The Statutory Fraud Act does not preclude a deceived buyer from filing suit on the grounds of common law fraud as well. In other words, the two causes of action can be pursued side-by-side. What is the difference? See Trinity Indus. v. Ashland, Inc., 53 S.W.3d 852, 867 (Tex. App.-Austin 2001, pet. denied) ("The elements of statutory fraud under Section 27.01 . . . are essentially identical to the elements of common law fraud except that Sec. 27.01 does not require proof of knowledge or recklessness as a prerequisite to the recovery of actual damages.")

Any competent plaintiff´s attorney will include as many causes of action as possible in his lawsuit against a nondisclosing seller. This is known as the "shotgun approach" and is designed to insure that, when the dust settles after trial, at least some lines of attack will have found their mark.

Additional Liability for Real Estate Licensees

Agents and brokers who are also sellers need to be especially concerned about failing to make full disclosure. The Real Estate License Act ("RELA"), Occupations Code section 1101.652 allows TREC to revoke or suspend the license of a broker or salesperson if the licensee is convicted of any offense involving fraud or engages in misrepresentation, dishonesty, or untrustworthy behavior. Section 1101.652(b)(3) provides that a licensee may be sanctioned for making "a material misrepresentation to a potential buyer concerning a significant defect, including a latent structural defect." Section 1101.652(b)(4) specifically adds failure to disclose a significant defect to the list.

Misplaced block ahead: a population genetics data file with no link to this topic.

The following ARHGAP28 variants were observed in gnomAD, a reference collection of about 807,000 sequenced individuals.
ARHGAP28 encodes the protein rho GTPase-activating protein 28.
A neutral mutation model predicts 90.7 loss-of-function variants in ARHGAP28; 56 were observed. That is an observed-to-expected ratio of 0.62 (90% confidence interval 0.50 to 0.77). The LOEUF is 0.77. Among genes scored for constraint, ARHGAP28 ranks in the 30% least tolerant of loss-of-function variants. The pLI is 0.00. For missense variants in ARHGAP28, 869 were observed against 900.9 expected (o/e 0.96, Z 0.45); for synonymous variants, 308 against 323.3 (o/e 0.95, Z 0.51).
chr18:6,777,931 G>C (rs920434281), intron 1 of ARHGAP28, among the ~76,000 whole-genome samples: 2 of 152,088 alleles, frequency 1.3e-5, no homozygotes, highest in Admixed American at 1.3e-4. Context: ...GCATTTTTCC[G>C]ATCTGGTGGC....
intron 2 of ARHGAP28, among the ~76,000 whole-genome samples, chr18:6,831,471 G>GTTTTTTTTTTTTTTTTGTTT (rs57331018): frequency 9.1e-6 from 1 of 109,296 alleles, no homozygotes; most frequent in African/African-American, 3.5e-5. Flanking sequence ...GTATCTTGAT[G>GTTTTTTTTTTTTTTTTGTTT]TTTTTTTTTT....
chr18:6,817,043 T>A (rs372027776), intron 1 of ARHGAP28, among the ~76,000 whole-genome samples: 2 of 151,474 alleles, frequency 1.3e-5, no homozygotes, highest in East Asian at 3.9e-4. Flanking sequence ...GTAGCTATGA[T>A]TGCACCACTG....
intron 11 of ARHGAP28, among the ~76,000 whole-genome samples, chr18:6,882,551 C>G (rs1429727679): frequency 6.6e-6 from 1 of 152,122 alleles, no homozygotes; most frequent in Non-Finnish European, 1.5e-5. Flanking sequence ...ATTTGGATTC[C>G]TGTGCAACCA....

“As Is” Transactions

It is important to observe that the TREC One to Four Family Residential Contract contains an optional "as is" clause, and the transaction is turned becomes "as is" if the box at paragraph 7D(1) is checked.

Here is the central question: Is it lawful to transfer property without disclosing material defects if the contract states that the transaction is "as is?" In other words, does use of the words "as is" or similar phraseology relieve the seller of the obligation to disclose? The answer, as is true in many areas of the law, is "it depends"–but probably not.

The important case in this area is Prudential Insurance Co. v. Jefferson Associated Ltd., 896 S.W.2d 156 (Tex. 1995), which upheld "as is" clauses in certain narrow circumstances. Two things are critical if such a clause is to be upheld: the specific wording and whether or not the buyer obtained an inspection. Also, in evaluating an "as is" transaction, courts look not just at these two factors but at the totality of the circumstances. Note that if the buyer consults an attorney before agreeing to an as is clause then a court is more likely to find the clause enforceable. Courts dislike situations where the parties are unequally informed of their rights. For this reason, it is more likely that an "as is" provision will be upheld in a commercial rather than a residential transaction since commercial buyers are presumed to be more sophisticated.